*a*against the deflection (δ) as a ratio of the effective beam height (h) as shown in Figure 1b. The figure shows the effect of size not only on the peak stress, but also on the post-crack behaviour of the material.

_{N}The modulus of rupture is typically determined from an FPB test configuration, which is shown in Figure 2b. For this configuration *a _{N}* is obtained from:

The effect of size on MOR values in FPB tests on high-performance fibre-reinforced concrete material is shown in Figure 3.

]]> It is evident that MOR results are highly dependent on the height of the tested specimen. The main implication of the findings from size-effect studies is that the MOR is unsuitable as a design parameter; as the results obtained for a certain specimen size cannot be used to reliably predict the peak load of a specimen with the same geometry, but a different size. Much less can it be used to predict the flexural behaviour of elements of a different geometry.The study presented in this paper is limited to high-performance fibre-reinforced concrete pavement materials. The findings are, however, relevant to plain concrete pavements as well, as plain concrete exhibits size effect similar in magnitude (Denneman 2011).

The main source of the size-effect phenomenon, is the fracture mechanics size effect (Bazant & Planas 1997). The fracture mechanics size effect is caused by the fact that concrete is a quasi-brittle material, and at the peak-load condition cracks would already have formed in the specimen. Due to the presence of a crack, LE stress distribution assumed in the MOR calculation no longer exists in the beam specimen. In different sizes of specimens, different amounts of fracture energy are released into the crack front, giving rise to the observed size effect.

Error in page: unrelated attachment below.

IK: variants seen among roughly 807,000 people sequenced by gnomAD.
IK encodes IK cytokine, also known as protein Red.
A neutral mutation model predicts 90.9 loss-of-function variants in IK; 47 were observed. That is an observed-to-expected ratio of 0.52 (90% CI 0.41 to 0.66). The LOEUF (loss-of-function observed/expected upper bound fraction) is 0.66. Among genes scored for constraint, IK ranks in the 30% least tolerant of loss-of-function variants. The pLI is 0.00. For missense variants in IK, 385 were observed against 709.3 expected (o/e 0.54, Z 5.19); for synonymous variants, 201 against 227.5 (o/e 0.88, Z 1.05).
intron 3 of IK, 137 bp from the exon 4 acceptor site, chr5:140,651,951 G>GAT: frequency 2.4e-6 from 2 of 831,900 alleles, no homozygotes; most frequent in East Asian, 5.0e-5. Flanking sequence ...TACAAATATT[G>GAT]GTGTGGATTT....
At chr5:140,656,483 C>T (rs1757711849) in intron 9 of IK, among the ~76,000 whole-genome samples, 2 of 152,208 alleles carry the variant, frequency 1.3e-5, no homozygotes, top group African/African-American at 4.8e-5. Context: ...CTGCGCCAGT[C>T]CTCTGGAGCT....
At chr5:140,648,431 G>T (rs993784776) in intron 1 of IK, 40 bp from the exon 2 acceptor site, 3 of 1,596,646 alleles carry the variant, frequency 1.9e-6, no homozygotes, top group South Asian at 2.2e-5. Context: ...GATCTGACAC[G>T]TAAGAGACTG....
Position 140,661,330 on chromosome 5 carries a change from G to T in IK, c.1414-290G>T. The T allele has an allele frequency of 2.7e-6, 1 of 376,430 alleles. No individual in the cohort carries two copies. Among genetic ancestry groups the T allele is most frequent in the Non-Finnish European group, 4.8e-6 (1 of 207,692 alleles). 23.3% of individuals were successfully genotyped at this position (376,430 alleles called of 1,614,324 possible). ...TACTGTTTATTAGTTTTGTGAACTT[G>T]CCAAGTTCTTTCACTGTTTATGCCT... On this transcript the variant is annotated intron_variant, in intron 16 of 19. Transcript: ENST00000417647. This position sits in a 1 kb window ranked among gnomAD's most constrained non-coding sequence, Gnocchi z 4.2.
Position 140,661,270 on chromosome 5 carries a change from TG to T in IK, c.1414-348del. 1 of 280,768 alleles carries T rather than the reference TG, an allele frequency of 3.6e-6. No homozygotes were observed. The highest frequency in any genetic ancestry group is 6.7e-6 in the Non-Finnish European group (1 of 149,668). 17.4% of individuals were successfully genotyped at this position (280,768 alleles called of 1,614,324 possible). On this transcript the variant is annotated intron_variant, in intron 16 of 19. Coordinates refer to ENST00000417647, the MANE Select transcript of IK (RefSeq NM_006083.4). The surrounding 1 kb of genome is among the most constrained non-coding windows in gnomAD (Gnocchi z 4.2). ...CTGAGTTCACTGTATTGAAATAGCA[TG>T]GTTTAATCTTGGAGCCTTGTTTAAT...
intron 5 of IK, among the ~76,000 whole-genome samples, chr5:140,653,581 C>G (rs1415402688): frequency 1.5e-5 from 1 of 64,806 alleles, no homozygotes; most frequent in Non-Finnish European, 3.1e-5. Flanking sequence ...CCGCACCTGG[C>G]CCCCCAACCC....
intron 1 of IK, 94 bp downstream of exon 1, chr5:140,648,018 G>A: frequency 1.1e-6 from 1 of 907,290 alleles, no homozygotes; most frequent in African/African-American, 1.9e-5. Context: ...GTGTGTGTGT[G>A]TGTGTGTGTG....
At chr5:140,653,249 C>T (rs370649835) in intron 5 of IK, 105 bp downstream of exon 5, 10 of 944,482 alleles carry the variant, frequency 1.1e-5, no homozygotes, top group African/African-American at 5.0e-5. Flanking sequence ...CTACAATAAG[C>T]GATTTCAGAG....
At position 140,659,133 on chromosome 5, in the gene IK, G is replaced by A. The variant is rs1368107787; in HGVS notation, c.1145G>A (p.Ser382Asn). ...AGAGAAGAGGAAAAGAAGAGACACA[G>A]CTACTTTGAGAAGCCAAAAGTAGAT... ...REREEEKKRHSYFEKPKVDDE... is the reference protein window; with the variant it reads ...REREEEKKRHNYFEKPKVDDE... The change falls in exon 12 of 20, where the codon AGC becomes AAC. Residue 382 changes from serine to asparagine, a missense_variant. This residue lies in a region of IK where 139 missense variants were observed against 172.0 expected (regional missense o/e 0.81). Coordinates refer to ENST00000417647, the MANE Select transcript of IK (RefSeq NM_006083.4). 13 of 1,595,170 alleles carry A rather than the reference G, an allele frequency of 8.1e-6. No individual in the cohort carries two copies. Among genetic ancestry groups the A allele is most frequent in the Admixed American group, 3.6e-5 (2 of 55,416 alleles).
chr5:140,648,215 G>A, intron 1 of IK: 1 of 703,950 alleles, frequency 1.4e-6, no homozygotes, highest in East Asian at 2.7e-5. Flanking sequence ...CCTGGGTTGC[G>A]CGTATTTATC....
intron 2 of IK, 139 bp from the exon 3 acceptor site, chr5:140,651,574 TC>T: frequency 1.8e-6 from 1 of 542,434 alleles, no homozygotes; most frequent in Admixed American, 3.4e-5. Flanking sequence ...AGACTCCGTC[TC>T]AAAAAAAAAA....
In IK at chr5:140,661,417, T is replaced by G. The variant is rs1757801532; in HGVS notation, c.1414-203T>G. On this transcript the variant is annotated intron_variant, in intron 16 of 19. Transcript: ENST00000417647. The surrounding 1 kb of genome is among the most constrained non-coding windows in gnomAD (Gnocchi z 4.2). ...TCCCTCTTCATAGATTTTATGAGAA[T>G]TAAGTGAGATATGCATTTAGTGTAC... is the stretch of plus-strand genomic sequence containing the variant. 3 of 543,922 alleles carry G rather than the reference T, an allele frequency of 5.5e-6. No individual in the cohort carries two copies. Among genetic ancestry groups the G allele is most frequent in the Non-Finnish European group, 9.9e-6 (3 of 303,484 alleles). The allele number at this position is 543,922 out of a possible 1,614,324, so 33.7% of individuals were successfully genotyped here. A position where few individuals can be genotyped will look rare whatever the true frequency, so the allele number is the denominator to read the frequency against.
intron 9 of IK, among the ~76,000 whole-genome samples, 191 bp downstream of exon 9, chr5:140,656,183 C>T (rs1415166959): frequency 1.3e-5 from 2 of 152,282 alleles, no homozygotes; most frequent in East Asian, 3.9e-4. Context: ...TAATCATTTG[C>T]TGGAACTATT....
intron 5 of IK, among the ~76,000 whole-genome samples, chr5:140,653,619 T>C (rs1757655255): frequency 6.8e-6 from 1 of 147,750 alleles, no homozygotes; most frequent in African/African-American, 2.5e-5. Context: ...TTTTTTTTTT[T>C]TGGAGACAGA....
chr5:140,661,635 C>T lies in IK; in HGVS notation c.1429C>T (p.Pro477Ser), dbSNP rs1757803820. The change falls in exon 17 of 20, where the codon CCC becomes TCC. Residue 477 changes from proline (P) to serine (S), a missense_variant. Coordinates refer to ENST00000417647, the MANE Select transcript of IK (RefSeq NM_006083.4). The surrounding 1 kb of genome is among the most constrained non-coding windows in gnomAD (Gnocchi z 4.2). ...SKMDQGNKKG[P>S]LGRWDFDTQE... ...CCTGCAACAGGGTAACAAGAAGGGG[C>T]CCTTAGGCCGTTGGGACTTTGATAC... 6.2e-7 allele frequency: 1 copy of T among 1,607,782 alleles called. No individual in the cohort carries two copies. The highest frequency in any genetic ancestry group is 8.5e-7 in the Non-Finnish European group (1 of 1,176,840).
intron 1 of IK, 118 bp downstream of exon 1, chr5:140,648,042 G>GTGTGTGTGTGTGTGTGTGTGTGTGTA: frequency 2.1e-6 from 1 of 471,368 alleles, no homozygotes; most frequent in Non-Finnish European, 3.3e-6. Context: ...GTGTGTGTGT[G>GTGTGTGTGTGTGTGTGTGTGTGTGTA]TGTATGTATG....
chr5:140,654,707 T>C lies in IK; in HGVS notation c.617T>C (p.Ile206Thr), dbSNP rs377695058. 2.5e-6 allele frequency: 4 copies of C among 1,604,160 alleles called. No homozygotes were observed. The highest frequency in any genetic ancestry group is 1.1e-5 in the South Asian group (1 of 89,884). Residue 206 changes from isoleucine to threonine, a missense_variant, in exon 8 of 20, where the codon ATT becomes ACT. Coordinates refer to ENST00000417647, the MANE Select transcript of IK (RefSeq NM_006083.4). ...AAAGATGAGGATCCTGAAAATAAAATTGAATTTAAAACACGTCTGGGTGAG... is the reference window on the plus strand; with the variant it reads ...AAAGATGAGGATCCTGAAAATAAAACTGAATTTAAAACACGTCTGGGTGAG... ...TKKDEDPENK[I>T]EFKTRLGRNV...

Similarly, an LE stress distribution will not be present in a pavement slab loaded to failure, because it, too, would have cracked. Size effect in plain concrete has been well documented and can be predicted using fracture mechanics (Bazant & Planas 1997). In this paper a cohesive crack model is used to improve the prediction of the flexural behaviour of FRC elements.

**DEFINING A COHESIVE CRACK FUNCTION**

The complex behaviour of FRC composites calls for the use of advanced damage models. This has been the topic of many studies internationally. Local research in this field was performed by Kearsley & Elsaigh (2003), Boshoff & Van Zijl (2007), Shang & Van Zijl (2007), Elsaigh (2007) and Van Zijl (2009).

A fracture mechanics method for the analysis of crack propagation in concrete, favoured by various researchers for implementation in finite element analysis, is the fictitious crack model. The model, nowadays commonly referred to as the cohesive crack model, was introduced by Hillerborg *et al* (1976). According to the cohesive crack model, the material behaves linear elastically until the tensile stress reaches the tensile strength of the material. At this point a crack is induced. After crack nucleation, stresses are still transferred over the crack according to a softening relation. The crack bridging stress *(**σ**)* is written as a function of the crack width (w):